- Posted byon July 31, 2012 at 12:52 PM EDT
Last week I had the privilege of spending an hour with twenty accomplished young men from the Institute for Responsible Citizenship (I4RC). I4RC is a competitive two-year program that prepares high-achieving African-American men from across the country to reach their career and character potential. These young men took a break from their summer internships in Washington, DC to meet with myself and other African-American White House staffers.
- Posted byon July 26, 2012 at 5:14 PM EDT
On Wednesday, during his remarks at the National Urban League conference in New Orleans, President Obama announced an Executive Order to improve outcomes and advance educational opportunities for African Americans. On Thursday, he signed that Executive Order surrounded by some of the key leaders who have been at forefront of promoting those priorities.
The President has made it a top priority to provide a complete and competitive education for all Americans – from cradle to career. The White House Initiative on Educational Excellence for African Americans, created by this Executive Order, will work across Federal agencies and with partners and communities nationwide to produce a more effective continuum of education programs for African American students. The initiative aims to ensure that all African American students receive an education that fully prepares them for high school graduation, college completion, and productive careers.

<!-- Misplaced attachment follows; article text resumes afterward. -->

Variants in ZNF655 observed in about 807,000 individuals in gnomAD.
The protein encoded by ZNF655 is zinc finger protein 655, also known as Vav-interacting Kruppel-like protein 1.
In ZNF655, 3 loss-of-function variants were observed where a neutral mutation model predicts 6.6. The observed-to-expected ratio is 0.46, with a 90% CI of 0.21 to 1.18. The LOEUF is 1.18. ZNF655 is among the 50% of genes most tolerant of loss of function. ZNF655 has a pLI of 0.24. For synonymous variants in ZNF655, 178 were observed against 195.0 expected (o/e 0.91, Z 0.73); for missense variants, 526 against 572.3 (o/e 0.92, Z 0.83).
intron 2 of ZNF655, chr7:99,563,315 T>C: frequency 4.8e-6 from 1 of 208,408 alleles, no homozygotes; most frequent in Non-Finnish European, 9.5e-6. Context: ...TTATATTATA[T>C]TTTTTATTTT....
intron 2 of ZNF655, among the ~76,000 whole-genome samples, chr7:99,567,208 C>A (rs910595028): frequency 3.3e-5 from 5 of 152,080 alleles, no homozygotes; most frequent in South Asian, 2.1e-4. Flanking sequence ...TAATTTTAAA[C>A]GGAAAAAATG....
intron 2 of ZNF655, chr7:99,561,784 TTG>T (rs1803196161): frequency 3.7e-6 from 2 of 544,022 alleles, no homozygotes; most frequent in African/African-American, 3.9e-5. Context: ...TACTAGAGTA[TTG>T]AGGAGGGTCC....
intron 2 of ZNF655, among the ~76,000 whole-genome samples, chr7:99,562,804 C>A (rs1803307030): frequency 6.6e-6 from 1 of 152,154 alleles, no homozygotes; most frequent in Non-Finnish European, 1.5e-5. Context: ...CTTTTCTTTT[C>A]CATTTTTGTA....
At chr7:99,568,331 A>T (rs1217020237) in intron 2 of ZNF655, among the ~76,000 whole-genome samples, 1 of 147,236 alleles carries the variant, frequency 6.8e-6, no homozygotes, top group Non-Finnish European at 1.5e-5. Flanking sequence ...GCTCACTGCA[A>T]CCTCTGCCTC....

In the nearly 60 years since the Brown v.Board of Education decision put America on a path toward equal educational opportunity, America’s educational system has undergone a remarkable transformation. Many African American children who attended substandard, segregated schools in the 1950s have grown up to see their children attend integrated and effective elementary and secondary schools, colleges, and universities. Nonetheless, substantial obstacles to equal educational opportunity still remain in America’s school systems. Disproportionately, students of color, including African Americans, lag in equal access to highly effective teachers and principals, safe schools, and challenging college-preparatory classes. And they experience school discipline and referrals to special education at higher rates than their peers.
Improving the educational outcomes of African Americans will provide substantial benefits for our country, like increasing college completion rates, employment rates, and the number of African American teachers. So, through this Executive Order, President Obama is taking an important step to promote a more promising future for all Americans.
For more on the Initiative, please click here.
Valerie Jarrett is a Senior Advisor to President Obama.
- Posted byon July 26, 2012 at 11:40 AM EDT
Yesterday, I had the opportunity to view some panels of the AIDS Memorial Quilt with Julie Rhoad, the president and CEO of The Names Project Foundation, at The National Building Museum.
I was so moved by what I saw. Every piece of the AIDS Memorial Quilt tells a poignant story – and is a powerful reminder of the many lives lost to this epidemic
First displayed on the National Mall in 1987, the quilt now contains the names of more than 94,000 of individuals who have died of AIDS on more than 47,000 panels.
This week, as the 19th International AIDS Conference is in the United States for the first time since 1990, panels of the quilt have been shown on the Mall and at more than 50 locations throughout the D.C. area.
The quilt is a powerful reminder of how far we have come. As President Obama said on World AIDS Day, we will win this fight.